Charles Oliver Williamson, Appellant, v. United States of America, Appellee, 272 F.2d 495 (5th Cir. 1960)Annotate this Case
Rehearing Denied January 12, 1960
Albert A. Roberts, East Point, Ga., for appellant.
J. Robert Sparks, Asst. U. S. Atty., Charles D. Read, Jr., U. S. Atty., Atlanta, Ga., for appellee.
Before HUTCHESON, TUTTLE and WISDOM, Circuit Judges.
WISDOM, Circuit Judge.
This is an appeal from a judgment of conviction on an indictment charging conspiracy to violate, and substantive violations, of the Dyer Act, 18 U.S.C.A. §§ 2312, 2313. The appellant, Charles Oliver Williamson, was charged on twenty-two counts, on two of which he was acquitted. Nine stolen cars were involved. Three alleged accomplices testified against Williamson. The trial was lengthy, lasting four days. Appellant was sentenced to a total of eight years in the custody of the Attorney General, four years on the conspiracy count and four years on each of the eighteen substantive counts, the sentences on the substantive counts to run concurrently after the sentence on the conspiracy count.
Five grounds of error are alleged, each of which the Court finds to be without merit.
1. Appellant contends that the trial court erred in admitting copies of automobile registration records from Tennessee, Georgia, North Carolina, and Texas when the government made no showing that the original documents were not available. The largest group of these records were produced by their custodian, Miss Inez Kinney, of the Motor Vehicle License Unit, State of Georgia Revenue Department. She testified that the originals were attached to the photostatic copies. Counsel for the United States stated that the originals were available for inspection and comparison by the defendant's counsel; that he wished to substitute the copies for the originals which must be retained by the State of Georgia. The trial judge then inquired as to whether there was any objection to that procedure. Defense counsel stated that he had no objection. One registration record was offered from Tennessee. As to this record, Mr. Frank Fleming, Supervisor of Titles for Automobiles for Tennessee, testified that the document in question was an official document made in the ordinary course of business of the State of Tennessee, and was the only official record of the registration of the automobile in question; Tennessee retaining the photostat for the official files and delivering the original document to the car owner. The North Carolina record was a photostat taken from permanent title records kept on microfilm. Mr. A. M. Gilbert, Director of the License and Theft Bureau of Motor Vehicles and the custodian of the North Carolina records, stated that it was prepared from microfilm in his presence. There were two Texas automobile registrations offered in evidence. Mr. Bart Couch, Chief of Titles, Motor Vehicles, Texas Highway Department, the custodian, testified that Texas has no originals from which the photostats were made; that in Texas the original documents are destroyed and the microfilm copies made under his supervision are considered the official records of the State of Texas. Defense counsel did not even cross-examine Mr. Couch.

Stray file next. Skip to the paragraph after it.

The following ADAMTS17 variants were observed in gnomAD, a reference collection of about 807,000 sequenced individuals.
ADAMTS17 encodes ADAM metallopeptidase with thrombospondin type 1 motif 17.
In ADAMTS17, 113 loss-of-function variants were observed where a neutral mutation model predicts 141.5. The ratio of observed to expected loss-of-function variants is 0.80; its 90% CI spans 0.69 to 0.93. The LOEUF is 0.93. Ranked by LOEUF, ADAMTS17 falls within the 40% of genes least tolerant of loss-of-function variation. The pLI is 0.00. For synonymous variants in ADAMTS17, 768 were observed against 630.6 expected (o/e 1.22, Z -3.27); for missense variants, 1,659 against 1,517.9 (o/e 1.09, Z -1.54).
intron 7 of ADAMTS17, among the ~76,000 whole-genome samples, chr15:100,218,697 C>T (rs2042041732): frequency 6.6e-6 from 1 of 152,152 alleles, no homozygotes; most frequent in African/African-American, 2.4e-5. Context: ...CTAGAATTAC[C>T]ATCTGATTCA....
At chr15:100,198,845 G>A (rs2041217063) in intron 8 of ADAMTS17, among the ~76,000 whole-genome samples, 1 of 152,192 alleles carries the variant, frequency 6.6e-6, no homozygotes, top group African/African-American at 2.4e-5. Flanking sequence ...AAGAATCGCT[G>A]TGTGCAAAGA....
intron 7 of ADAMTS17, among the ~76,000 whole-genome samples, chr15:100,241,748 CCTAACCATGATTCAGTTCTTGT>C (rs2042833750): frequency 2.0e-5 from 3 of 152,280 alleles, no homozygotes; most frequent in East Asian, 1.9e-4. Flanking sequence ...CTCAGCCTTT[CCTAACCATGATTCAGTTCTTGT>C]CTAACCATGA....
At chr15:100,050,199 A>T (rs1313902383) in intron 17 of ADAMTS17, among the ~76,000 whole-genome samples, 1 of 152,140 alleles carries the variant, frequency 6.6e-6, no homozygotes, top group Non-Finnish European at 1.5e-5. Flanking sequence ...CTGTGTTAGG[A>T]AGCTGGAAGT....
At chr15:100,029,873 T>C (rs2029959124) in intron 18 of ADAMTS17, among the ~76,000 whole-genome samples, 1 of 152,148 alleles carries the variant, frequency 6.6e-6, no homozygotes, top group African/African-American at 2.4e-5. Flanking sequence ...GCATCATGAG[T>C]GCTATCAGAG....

In these circumstances the government fully complied with the best evidence rule. Each exhibit was properly identified and there was no possibility of error in the method of identification. All of the documents would have been admissible under the Business Records Act 28 U.S.C.A. § 1732 without further identification. The defense made no attempt to dispute the authenticity of the photostats, did not move the court to direct that the original microfilm be produced for comparison (where available), and makes no attempt, even now, to contend that the title registrations were not material or relevant. Not one of the exhibits was tendered or admitted in evidence until the owner of the car, or the person in whom the car was registered, identified it personally, in most cases by signature. In these circumstances the appellant's objection borders on the frivolous.